These very encouraging results demonstrate that resonant gratings can couple light into thick waveguides with high efficiency for a TE polarized incident beam. Nevertheless, improvements are clearly possible in order to experimentally reach more than 70% overall efficiency with a focused or even a collimated beam. In the latter case another optimisation will maximise the diffraction efficiency for the first 20 modes to avoid the multiple diffraction effect.
5. Comparison with currently used technologies
As the interest in optical interconnections integrated in boards is increasing, several solutions to couple light in and out of the optical layers are being envisaged. Comparing the solution presented in this paper with other waveguiding currently studied is clearly showing and highlighting the advantages of the grating coupler described here. Other solutions for coupling light in and out of the optical layers can be divided in 2 main categories, namely the use of deflecting mirrors and the use of pin-like inserts.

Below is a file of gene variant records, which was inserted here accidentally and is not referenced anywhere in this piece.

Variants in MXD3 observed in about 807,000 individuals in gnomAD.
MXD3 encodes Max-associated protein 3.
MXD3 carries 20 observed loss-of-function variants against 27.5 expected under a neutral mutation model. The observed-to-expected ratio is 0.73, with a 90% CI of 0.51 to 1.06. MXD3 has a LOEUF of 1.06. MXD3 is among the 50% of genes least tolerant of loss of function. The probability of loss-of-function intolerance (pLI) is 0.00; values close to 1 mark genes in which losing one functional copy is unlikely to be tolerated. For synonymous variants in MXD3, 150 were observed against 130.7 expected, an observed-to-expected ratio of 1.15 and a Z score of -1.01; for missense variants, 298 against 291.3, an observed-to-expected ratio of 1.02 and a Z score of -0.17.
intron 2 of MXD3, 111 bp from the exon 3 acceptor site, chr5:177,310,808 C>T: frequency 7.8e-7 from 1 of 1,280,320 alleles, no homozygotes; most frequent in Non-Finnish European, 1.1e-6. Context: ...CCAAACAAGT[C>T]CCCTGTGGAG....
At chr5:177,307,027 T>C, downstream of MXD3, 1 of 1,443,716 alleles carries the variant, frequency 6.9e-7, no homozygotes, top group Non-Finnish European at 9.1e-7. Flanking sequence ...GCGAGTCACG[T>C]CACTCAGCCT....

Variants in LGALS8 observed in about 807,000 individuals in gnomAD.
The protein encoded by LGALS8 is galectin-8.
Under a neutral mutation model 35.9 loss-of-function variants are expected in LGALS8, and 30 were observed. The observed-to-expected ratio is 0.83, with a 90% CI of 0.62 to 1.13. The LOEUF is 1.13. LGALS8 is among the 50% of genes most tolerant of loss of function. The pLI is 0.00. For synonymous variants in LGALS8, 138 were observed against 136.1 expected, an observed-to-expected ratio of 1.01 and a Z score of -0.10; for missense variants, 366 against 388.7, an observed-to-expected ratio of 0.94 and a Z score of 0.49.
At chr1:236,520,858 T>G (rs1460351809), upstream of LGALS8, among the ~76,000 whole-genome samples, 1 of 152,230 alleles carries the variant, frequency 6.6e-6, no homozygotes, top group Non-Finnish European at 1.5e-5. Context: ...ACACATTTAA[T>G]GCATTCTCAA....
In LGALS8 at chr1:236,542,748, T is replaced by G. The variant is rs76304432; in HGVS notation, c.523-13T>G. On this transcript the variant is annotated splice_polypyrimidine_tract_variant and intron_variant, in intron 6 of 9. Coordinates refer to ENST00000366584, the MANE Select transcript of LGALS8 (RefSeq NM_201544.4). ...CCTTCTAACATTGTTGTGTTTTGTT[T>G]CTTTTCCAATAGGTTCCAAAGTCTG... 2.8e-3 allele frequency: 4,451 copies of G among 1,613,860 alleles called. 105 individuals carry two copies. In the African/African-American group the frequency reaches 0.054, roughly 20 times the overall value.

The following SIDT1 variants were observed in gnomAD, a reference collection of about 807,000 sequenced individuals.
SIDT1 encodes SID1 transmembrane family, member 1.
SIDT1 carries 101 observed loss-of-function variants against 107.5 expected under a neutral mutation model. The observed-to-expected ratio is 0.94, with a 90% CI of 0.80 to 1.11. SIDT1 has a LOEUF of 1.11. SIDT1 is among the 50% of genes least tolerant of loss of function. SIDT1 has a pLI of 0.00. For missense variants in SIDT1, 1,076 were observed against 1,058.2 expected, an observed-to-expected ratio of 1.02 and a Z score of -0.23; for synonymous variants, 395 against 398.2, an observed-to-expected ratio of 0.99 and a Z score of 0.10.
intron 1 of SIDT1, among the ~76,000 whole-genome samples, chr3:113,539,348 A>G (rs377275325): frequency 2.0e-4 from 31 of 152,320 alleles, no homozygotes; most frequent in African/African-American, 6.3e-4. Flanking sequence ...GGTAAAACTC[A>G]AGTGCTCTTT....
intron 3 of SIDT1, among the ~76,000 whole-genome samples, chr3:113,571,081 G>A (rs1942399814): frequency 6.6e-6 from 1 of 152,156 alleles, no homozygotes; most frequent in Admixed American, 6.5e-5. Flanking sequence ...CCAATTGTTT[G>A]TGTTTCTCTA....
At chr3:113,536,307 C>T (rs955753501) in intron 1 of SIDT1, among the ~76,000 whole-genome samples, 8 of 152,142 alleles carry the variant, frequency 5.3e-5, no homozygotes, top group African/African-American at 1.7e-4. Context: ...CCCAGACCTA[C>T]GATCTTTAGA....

The first category, the deflecting mirrors, can be split up into mirrors fabricated integrated in the optical layers themselves or inserts in which the deflecting mirrors are integrated. Currently, the use of integrated 45° micro-mirrors is being studied by a number of groups . The advantages of these mirrors are that they can be fabricated with a number of technologies, they are wavelength and polarization independent and they have a very good reproducibility. Both 45° micro-mirrors based on total internal reflection and metallized 45° micro-mirrors can be considered. Unlike the former, the metallized mirrors can be used in multilayer structures, which allows for flexible routing schemes and high interconnection densities. Integrated structures, where the mirrors are directly integrated with the waveguides can be fabricated using laser ablation or laser direct writing. The mirrors can be accurately aligned with respect to the waveguides with use of alignment marks. Compatibility with printed circuit board (PCB) manufacturing and soldering is required here, which puts high temperature and pressure demands on the used polymer materials. Laser ablation is fully compatible and nowadays used for the drilling of micro-vias in high density boards. If a choice is made for discrete configurations, the mirrors are fabricated in or on the surface of an insert which is placed into a cavity into the optical layer . This solution requires passive or active alignment in order to get a good alignment between the mirror and the waveguide end facet. The discrete mirrors can for instance be made with deep proton writing or with a mechanical process and subsequent polishing step. Compatibility with existing PCB and soldering processes is not required since they can be placed in a very late stage of processing.